There is data available that shows how many days you have been at or below design conditions, usually for the closest weather station. I think it usually goes back 30 years, but who knows what the future holds for temperature conditions at your location.

    So you are correct in stating weather including wind, sun, structure integrity, and error in load calc is all part of getting to an accurate number.

    I agree with others, if you have wood for backup or additional BTUs, size it close as you have.
    Bob "hot rod" Rohr
    trainer for Caleffi NA
    Living the hydronic dream
    RobG
  • toasty-toes
    toasty-toes Member Posts: 17
    Hot Rod:
    Blower door test! hahahaha. Not a chance.
    I am a bit out of the main flow for all that stuff.
    Even to get a plumber here is a two hour round trip.

    The envelope is tight.



  • hot_rod
    hot_rod Member Posts: 15,022
    The concrete mass in the slab will give you some flywheel. Should be about 12 yards of concrete in that slab, dry weight 35- 3700 lbs per yard, so maybe 44,000 lbs of mass. That would buffer you through some below design days or a power outage :)
    Bob "hot rod" Rohr
    trainer for Caleffi NA
    Living the hydronic dream
  • Zman
    Zman Member Posts: 6,978
    The mixing valve will work just fine in your application.It just recircs some of the water back through the boiler to keep the temp up.
    "If you can't explain it simply, you don't understand it well enough"
    Albert Einstein
  • toasty-toes
    toasty-toes Member Posts: 17
    edited August 2015
    Ok, so I am close to the limit with this. It should work if all is correct, but leaves no wiggle room upwards. But I can make up for it in the wood stove. Might still be prudent to get a slightly larger boiler if I can find one.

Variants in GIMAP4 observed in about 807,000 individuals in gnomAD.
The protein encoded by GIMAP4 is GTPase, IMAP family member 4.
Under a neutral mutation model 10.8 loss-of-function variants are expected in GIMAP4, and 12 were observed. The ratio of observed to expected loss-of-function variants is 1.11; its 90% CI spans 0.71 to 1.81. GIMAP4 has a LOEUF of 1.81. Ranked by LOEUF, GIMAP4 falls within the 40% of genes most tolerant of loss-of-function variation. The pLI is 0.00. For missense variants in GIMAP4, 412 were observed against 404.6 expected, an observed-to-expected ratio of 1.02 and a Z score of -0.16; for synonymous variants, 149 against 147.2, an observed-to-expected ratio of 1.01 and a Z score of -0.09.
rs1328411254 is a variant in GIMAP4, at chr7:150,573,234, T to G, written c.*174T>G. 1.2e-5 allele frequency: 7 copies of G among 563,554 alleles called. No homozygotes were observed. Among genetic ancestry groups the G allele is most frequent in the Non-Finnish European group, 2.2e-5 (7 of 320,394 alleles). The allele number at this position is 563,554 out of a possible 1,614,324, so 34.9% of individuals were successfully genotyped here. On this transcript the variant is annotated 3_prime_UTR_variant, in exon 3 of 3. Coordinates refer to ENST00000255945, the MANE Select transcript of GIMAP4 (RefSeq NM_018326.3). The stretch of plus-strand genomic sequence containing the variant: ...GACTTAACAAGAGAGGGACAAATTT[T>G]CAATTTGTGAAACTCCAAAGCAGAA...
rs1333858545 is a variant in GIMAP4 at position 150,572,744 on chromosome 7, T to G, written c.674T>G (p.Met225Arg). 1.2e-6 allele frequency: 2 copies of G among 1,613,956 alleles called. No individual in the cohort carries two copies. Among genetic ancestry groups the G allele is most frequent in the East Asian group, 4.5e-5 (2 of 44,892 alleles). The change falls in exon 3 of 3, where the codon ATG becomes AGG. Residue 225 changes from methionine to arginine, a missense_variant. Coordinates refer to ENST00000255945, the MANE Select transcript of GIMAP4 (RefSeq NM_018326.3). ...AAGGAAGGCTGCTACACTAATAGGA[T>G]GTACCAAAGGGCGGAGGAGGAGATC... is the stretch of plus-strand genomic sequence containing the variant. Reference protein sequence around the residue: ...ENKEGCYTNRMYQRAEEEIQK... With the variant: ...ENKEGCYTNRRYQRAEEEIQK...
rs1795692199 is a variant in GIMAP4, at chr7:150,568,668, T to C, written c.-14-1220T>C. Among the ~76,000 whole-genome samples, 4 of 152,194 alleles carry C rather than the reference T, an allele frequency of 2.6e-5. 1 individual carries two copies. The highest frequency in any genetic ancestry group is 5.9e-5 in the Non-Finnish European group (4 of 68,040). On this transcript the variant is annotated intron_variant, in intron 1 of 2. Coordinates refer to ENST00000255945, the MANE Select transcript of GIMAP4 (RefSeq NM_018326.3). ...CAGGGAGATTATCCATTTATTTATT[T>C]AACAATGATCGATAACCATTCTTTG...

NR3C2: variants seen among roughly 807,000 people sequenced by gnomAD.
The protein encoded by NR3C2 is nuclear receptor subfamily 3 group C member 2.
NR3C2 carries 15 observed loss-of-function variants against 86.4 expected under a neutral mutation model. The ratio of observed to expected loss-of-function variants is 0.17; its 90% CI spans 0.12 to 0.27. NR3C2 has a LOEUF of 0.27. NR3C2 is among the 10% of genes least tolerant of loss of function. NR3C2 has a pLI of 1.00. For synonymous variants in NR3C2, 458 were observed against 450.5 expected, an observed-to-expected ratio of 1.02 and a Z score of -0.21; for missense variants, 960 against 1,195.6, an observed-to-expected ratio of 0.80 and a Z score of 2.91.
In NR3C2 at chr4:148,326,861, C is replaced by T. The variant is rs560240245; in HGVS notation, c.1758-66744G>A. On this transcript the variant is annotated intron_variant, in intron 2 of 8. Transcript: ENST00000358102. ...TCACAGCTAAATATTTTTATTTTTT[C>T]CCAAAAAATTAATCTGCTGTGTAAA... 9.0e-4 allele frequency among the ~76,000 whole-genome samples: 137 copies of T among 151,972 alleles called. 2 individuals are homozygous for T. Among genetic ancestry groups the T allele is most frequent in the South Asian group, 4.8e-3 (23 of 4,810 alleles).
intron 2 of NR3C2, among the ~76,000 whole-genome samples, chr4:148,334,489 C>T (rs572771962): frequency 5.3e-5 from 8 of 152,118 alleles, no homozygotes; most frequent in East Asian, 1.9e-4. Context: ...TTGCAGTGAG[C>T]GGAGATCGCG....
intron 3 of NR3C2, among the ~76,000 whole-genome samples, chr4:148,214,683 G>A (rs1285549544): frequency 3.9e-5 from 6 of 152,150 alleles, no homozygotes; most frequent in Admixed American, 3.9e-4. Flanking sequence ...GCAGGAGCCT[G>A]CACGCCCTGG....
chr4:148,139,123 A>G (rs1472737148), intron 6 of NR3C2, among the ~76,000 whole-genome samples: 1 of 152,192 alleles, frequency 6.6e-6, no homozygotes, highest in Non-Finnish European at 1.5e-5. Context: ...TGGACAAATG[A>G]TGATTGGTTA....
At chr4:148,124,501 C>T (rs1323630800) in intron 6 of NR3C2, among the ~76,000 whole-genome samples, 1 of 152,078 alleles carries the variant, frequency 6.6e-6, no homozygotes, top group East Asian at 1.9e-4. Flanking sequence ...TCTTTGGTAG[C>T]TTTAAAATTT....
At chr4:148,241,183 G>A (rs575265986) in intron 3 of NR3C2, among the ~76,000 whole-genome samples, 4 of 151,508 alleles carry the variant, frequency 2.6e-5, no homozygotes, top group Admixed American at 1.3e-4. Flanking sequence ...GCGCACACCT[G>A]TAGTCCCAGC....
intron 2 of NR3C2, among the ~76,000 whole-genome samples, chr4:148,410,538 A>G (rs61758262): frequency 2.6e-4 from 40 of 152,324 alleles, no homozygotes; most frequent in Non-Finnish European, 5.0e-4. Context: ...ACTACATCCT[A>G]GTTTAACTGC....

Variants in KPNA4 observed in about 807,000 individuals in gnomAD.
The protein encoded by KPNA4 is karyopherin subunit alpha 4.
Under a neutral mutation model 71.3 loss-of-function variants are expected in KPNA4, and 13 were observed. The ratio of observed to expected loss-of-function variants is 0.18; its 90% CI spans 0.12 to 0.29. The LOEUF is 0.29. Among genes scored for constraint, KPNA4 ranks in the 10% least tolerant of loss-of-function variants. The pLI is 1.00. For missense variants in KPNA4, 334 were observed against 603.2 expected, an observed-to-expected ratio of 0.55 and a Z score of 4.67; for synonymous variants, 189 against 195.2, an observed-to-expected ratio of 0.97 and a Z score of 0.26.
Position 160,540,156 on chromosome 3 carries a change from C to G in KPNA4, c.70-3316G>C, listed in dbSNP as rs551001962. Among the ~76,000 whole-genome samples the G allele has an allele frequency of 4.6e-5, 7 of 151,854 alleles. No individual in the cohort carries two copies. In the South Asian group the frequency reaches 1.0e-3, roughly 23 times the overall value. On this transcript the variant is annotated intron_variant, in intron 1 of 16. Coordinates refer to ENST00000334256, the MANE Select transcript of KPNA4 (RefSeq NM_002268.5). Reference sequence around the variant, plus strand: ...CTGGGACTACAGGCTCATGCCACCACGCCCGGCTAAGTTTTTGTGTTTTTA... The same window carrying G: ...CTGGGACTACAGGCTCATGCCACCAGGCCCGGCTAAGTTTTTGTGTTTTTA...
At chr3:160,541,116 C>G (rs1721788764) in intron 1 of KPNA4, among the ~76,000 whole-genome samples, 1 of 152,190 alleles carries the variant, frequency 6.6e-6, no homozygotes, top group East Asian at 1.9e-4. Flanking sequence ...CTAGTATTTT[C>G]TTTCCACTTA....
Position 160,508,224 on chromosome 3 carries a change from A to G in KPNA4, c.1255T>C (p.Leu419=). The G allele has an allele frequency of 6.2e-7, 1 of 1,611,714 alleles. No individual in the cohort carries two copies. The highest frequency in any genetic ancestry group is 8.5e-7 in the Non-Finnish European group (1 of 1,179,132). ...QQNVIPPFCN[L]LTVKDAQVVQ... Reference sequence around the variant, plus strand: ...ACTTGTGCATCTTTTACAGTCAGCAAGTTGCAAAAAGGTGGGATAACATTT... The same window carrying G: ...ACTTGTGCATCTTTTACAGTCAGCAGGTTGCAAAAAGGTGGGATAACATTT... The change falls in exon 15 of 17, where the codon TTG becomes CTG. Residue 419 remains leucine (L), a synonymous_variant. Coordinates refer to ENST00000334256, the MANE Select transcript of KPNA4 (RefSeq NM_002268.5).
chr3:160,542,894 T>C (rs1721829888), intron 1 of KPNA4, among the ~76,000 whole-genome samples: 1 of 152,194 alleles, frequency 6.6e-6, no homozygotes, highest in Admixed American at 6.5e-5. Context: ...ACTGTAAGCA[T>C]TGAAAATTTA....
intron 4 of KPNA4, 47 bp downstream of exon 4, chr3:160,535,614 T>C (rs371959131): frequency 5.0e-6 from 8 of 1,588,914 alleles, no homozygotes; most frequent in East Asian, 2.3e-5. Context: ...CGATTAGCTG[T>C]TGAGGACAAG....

The air Xchange numbers were from the calculators. Usually denoted as "recent build with all weather stripping etc.."
    I built it and I can tell you she is pretty good. Spray foamed walls and vapour barrier till it looked like I was prepping a scene from that TV show "Dexter". Windows detailed correctly, Attic hatch sealed etc etc.

    I am asking all this as I have to be a sober second set of eyes for the system design and instal. I have discovered I simply can't trust the folks to do it properly if I am not up to speed myself.

    The original guy I got to spec all this out just gave me a blank look when I posed some of these questions. Didn't fill me with confidence.

    Zman:
    Thanks. I think I get it now. The isolated boiler loop (primary) has this mixer valve on it directing some of the outgoing boiler water directly back to the return and this line bypasses the heat exchanger altogether to keep the differential closer in temp so you avoid condensation. Correct me if I'm wrong.
  • Zman
    Zman Member Posts: 6,978
    You got it. A minor yet important detail.
    CArl
    "If you can't explain it simply, you don't understand it well enough"
    Albert Einstein
  • toasty-toes
    toasty-toes Member Posts: 17
    Doesn't sound minor at all!
    Thanks.
  • toasty-toes
    toasty-toes Member Posts: 17
    Alright, I contacted Slant fin to see if they have any recommended installers within a few hours of here.
    Thanks for your input folks.